When I noticed photographs in Damon’s apartment with a woman’s head cut out of them and an X drawn atop her body, I regretted not saying “no” earlier that night. I wanted him to like me and didn’t want to seem prudish and uncool. I didn’t want to limit my romantic options or life experiences. Now, I wondered if my efforts to seem easygoing would end up getting me killed.
It was 1999, the height of the swing dance craze. Every night, I went to a different Boston dance venue: Ryles jazz club, Johnny D’s, or St. Mary’s Church to be twirled and escorted to the dance floor on a bent arm. I loved time traveling to an era where gentlemen and ladies dressed up for an evening out and formally asked each other to dance. I grew up watching Fred Astaire and Ginger Roger musicals, and now I was living inside of one.
My dance partners were mostly polite, nerdy software engineers. If any leader was too handsy, I didn’t dance with him again. It’s not like I didn’t have any swing flings, but the wholesome environment tricked me into a false sense of safety. I went to most dances alone.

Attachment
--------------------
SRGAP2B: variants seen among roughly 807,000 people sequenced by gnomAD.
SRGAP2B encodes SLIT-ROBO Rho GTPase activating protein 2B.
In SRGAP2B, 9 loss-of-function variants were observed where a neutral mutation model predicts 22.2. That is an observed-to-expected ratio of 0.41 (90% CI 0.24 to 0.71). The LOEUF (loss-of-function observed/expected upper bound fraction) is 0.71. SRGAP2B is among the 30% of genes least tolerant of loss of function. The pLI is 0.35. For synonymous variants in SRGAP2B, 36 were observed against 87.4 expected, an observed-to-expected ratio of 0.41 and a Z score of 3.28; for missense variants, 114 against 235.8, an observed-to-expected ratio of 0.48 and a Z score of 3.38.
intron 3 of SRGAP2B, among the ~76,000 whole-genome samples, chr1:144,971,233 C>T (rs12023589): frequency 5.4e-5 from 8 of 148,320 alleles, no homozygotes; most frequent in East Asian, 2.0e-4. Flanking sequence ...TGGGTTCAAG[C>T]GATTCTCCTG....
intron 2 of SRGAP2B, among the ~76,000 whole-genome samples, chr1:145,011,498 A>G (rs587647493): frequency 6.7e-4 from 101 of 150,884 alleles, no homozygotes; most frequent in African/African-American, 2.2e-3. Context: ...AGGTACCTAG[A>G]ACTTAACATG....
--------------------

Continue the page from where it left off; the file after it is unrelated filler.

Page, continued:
One weekend, I traveled to New York. The plan was to forget about my lackluster love life and disappointing job prospects by taking lessons with top notch dancers, shopping at thrift stores for 1940s dresses, and grooving to Louis Armstrong tunes until my feet vibrated.
Damon was a stylish guy with intense brown eyes, thick biceps and an incredible sense of rhythm. “Oooh, baby you are hot!” he said whenever I wiggled my hips or shimmied my shoulders. My ego soared.
At 1 a.m., I told Damon I was leaving. He offered to flag me down a taxi. Before I knew what was happening, he forced himself into my cab and rerouted it to Brooklyn to drop him off first. I didn’t want to sound like a shrew so I scooted over as he shut the cab door. This was not the first red flag of the evening—Damon had not let anyone else dance with me. He paraded me around to his friends with his arm around me, like I was his property.
In the cab, Damon flashed me a sparkling smile, inviting me over to his place. He said I looked I needed to talk and he was a good listener. I just wanted to go back to my friend Adam’s place and soak my sore toes, but I thought, you don’t find love by soaking your feet.
A digging feeling in my stomach told me this wasn’t a good idea. But I didn’t want to die alone, so I followed him into his basement apartment anyway. Maybe this was my chance to rescue the night and start a new romance.